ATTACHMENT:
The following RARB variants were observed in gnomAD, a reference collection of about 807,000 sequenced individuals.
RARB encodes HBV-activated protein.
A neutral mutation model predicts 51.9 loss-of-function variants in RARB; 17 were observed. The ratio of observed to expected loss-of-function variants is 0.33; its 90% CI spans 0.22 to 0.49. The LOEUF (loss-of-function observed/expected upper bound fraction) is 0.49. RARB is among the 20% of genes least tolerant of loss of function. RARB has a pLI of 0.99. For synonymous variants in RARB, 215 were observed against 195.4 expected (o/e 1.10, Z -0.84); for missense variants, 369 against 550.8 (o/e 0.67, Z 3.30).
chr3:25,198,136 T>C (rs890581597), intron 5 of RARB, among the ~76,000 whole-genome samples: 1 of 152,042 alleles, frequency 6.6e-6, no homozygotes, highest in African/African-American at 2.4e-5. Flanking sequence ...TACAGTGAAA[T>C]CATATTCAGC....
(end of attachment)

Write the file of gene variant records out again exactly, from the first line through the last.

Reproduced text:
The following RARB variants were observed in gnomAD, a reference collection of about 807,000 sequenced individuals.
RARB encodes HBV-activated protein.
A neutral mutation model predicts 51.9 loss-of-function variants in RARB; 17 were observed. The ratio of observed to expected loss-of-function variants is 0.33; its 90% CI spans 0.22 to 0.49. The LOEUF (loss-of-function observed/expected upper bound fraction) is 0.49. RARB is among the 20% of genes least tolerant of loss of function. RARB has a pLI of 0.99. For synonymous variants in RARB, 215 were observed against 195.4 expected (o/e 1.10, Z -0.84); for missense variants, 369 against 550.8 (o/e 0.67, Z 3.30).
chr3:25,198,136 T>C (rs890581597), intron 5 of RARB, among the ~76,000 whole-genome samples: 1 of 152,042 alleles, frequency 6.6e-6, no homozygotes, highest in African/African-American at 2.4e-5. Flanking sequence ...TACAGTGAAA[T>C]CATATTCAGC....